FTP stands for functional threshold power and it's usually described as the highest average power output you can sustain for an hour, measured in watts. One of the first things most riders do when starting to train by power is to find out their FTP as a means of defining training zones, using online training tools, and having as a benchmark for measuring changes in fitness over time.
Your FTP is defined as the highest average power that you can produce for 60 minutes. Performing a 60-minute maximal test is very difficult, of course, which is why many people prefer to calculate FTP as 95% of the highest power they can average for 20 minutes. We'll come back to measuring your FTP in a bit.
The concept of FTP was developed by Dr Andrew Coggan, co-author of Training and Racing with a Power Meter.
"Power at lactate threshold is the most important physiological determinant of endurance cycling performance, since it integrates VO2 max, the percentage of VO2 max that can be sustained for a given duration, and cycling efficiency," says Andrew Coggan.
"As such, it is more logical to define training zones relative to an athlete’s threshold power vs., for example, power at VO2 max."
Lactate threshold and FTP aren't the same thing (while VO2 max is the measurement of the maximum amount of oxygen your body can use during intense exercise). Lactate threshold refers to a specific physical change in the body. It is the point at which lactate begins to increase exponentially in your blood. Your lactate threshold can only be truly determined through blood tests.
Coggan says that lactate threshold and FTP are closely related. One is reflective of the other. FTP is the maximum power you can maintain while your body can still clear excess lactate being produced by your working muscles, allowing you to sustain your effort.
According to cycle coach Hunter Allen, also co-author of Training and Racing with a Power Meter, "Your lactate threshold (or FTP) provides a solid basis for any power meter-based training program, because your level of effort when exercising at a given intensity depends upon your power output relative to your power at FTP. When your power output exceeds your FTP, you’ll fatigue quickly. When your power output is just below FTP, you’ll be able to maintain it much longer.
That's the theory upon which the use of FTP is based, and it has been hugely influential in the cycling world for years. For example, all of the personalised workout targets and data analysis in the TrainingPeaks online and mobile software platform is based on FTP. TrainingPeaks uses other measurements too – Normalized Power (NP), Intensity Factor (IF) and Training Stress Score (TSS), for example – but ultimately everything comes back to FTP.
Not everyone holds FTP in such high regard. We'll come back to their arguments down below, but let's go with it for the time being.
You need a power meter on your bike or a smart trainer with an integrated power meter to measure FTP. Power meters were once an option only for professionals and those amateurs who were both ultra-keen and loaded. Thankfully, they have become far more accessible in recent years.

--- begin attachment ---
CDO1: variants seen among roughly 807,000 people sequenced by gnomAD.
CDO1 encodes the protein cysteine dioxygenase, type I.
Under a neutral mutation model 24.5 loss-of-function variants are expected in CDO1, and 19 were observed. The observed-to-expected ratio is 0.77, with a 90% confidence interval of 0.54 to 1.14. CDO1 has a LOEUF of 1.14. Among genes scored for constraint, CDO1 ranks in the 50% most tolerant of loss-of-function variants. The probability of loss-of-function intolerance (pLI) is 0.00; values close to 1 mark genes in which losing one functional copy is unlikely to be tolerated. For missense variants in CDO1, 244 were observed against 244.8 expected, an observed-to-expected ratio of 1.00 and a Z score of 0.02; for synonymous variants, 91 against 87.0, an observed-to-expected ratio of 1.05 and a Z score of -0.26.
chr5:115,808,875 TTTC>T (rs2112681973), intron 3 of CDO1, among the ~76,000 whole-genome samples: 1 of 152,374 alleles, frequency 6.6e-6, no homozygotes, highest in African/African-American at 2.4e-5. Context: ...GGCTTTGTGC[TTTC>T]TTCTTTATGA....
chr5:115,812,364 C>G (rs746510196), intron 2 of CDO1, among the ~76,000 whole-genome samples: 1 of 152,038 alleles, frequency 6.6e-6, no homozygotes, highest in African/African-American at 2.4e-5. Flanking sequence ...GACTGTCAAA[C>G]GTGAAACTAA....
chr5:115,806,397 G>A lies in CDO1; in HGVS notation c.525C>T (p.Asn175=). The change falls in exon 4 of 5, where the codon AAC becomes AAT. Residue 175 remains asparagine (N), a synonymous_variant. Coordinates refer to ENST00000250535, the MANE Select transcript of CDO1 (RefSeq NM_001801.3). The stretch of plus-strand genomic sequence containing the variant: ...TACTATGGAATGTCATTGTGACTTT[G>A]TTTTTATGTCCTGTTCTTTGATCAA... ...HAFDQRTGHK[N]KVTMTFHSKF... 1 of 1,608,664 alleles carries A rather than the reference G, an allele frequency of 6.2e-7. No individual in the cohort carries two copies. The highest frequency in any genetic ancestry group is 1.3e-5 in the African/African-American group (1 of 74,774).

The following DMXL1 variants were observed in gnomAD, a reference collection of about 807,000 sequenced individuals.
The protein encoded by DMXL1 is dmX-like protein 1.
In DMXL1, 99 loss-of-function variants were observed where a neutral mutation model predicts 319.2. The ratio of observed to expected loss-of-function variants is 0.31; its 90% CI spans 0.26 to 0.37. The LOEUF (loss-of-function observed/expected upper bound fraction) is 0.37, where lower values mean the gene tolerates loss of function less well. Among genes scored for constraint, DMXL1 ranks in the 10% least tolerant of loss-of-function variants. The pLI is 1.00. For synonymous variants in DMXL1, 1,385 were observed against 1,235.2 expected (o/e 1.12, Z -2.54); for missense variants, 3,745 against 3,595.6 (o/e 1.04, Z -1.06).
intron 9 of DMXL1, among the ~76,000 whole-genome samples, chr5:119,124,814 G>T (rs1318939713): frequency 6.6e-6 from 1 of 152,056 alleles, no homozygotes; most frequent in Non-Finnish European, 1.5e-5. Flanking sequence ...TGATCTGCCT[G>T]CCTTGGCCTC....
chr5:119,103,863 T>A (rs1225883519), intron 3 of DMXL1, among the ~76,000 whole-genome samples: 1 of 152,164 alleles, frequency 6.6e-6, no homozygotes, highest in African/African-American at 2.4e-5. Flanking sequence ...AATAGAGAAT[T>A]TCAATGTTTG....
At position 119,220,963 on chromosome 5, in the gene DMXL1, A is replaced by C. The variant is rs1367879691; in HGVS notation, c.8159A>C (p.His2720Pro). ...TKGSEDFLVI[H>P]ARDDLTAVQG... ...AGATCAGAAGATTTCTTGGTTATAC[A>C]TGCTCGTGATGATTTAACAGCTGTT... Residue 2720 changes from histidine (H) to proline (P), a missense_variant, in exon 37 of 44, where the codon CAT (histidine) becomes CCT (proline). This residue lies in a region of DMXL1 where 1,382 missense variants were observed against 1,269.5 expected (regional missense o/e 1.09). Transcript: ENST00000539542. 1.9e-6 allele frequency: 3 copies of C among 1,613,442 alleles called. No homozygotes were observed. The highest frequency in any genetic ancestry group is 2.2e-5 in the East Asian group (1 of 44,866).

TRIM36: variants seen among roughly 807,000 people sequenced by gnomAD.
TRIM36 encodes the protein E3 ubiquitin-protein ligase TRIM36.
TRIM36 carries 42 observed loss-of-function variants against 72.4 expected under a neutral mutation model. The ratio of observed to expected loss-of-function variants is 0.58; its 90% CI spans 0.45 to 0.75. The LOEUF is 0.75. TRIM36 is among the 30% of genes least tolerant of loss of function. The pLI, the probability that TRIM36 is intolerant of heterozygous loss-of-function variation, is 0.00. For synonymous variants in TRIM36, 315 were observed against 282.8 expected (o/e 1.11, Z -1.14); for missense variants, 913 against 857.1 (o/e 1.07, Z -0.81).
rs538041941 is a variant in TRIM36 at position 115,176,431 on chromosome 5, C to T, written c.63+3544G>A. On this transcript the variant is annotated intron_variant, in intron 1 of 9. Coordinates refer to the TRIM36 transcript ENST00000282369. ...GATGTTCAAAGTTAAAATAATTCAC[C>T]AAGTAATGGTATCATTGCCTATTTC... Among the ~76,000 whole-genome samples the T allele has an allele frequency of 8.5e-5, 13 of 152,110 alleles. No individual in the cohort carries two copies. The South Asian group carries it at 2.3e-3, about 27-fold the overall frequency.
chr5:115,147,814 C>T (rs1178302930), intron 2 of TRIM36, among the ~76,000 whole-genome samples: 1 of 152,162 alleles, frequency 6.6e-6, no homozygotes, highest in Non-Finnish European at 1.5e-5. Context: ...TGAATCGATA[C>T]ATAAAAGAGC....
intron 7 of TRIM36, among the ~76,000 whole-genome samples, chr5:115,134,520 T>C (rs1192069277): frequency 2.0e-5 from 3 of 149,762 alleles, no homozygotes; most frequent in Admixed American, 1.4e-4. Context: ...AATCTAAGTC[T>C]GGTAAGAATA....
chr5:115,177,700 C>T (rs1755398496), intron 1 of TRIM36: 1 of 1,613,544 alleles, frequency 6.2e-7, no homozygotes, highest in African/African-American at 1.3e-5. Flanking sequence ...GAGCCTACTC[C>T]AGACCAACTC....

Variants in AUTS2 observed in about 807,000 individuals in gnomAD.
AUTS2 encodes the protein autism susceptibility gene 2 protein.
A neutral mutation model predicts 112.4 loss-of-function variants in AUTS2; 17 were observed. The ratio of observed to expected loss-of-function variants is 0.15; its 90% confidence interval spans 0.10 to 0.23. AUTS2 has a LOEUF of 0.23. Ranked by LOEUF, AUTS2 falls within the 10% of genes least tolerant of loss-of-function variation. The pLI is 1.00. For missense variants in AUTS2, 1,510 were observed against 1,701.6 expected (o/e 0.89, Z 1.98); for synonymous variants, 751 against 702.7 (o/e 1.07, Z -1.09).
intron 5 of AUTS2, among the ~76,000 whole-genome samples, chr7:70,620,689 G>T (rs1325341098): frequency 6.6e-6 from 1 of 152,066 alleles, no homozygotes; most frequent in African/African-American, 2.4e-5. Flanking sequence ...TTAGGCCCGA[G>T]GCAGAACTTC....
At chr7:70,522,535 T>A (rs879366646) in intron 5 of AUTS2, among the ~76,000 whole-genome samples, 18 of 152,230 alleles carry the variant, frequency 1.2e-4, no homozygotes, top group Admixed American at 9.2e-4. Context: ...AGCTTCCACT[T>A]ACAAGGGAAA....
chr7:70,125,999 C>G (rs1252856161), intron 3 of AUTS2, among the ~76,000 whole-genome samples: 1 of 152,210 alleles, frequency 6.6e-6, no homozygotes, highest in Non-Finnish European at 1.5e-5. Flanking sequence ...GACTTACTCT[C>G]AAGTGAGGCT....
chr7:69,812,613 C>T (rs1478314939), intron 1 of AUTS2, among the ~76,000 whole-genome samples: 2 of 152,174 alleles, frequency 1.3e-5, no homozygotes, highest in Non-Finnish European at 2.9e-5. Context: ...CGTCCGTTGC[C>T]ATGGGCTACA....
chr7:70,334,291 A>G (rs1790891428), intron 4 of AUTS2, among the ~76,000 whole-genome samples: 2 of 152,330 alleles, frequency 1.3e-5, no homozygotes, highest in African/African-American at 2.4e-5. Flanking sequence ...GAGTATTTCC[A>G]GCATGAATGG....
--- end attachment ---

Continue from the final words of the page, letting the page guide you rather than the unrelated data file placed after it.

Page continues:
Granted, SRM cranks still cost from about £1,600 but prices of single-sided crank-based 4iiii Precision Power Meters start at under £300, so you don't have to spend a fortune to get into training with power these days.
You can perform an FTP test on a turbo trainer or out on the road. A turbo trainer has the advantage of allowing you to ride against a consistent resistance without interruptions to your effort caused by traffic, junctions or sharp turns. However, many coaches advise that you do your test on the road for the most accurate results.
Hunter Allen, Andrew Coggan and Stephen McGregor suggest this protocol in Training and Racing with a Power Meter:
1. 20-minute warm up at moderate pace.
2. 3 x 1-minute at 100rpm cadence with 1 minute easy pedalling in between.
3. 5 minutes riding all out. Start at a high pace and kick it up in the last minute.
4. 10 minutes pedalling at endurance pace.
5. Main segment: 20-minute time trial, putting out a strong, steady effort for the duration. Get up to speed and then try to hold that speed as steadily as you can.
6. 10-15 minutes pedalling at endurance pace.
7. 10-15 minutes easy pedalling.
They suggest doing the test on a fairly flat road or, if you're a first timer, on a steady climb or into a slight headwind, the idea being that this will force you into putting out a maximum effort for the entire 20 minutes.
Your aim is to produce the highest average watts possible over the 20-minute main segment, which means working to your maximal steady-state power. You might not get it right first time. You might go off too hard and fade towards the end, or you might start too easy and have to ramp it up a lot towards the finish. Riding at the right intensity will come with experience. Once you have your first FTP figure you'll know whereabouts you should be aiming in future.
If you've followed the protocol above, take your average power for the 20-minute main segment and work out 95% of that figure to get your FTP.
If you averaged 280 watts, for instance, 95% of 280 (0.95 x 280) is 266 – so your FTP is 266 watts. Why the calculation? It's because FTP refers to the highest average power you can hold for 60 minutes, and, according to Coggan et al, you can probably hold about 95% of your 20-minute figure for 60 minutes.
Of course, if you ride a 60-minute main segment, your average lap power is your FTP and there's no need for adjustment.
Many coaches suggest testing your FTP every six weeks during training.
Some online systems, such as Zwift, offer their own FTP tests. You just select the workout and follow the instructions.
Okay, so you have your FTP figure. Now what?
Your FTP can form the basis of training zones that you (or a coach) can then use when producing a structured training programme.
There are various different training zone systems out there but Andrew Coggan's Power Zones are widely used.
|Level||Name||Percent of FTP||Time|
|Zone1||Active Recovery||Up to 55||70-80 years|
|Zone 2||Endurance||56-75||2.5 hours to 14 days|
|Zone 3||Tempo||76-90||2.5-8 hours|
|Zone 4||Threshold||91-105||10-60 minutes|
|Zone 5||VO2 max||106-120||3-8 minutes|
|Zone 6||Anaerobic capacity||Greater than 121||30 seconds-2 minutes|
|Zone 7||Neuromuscular power||(maximal effort)||5-15 seconds|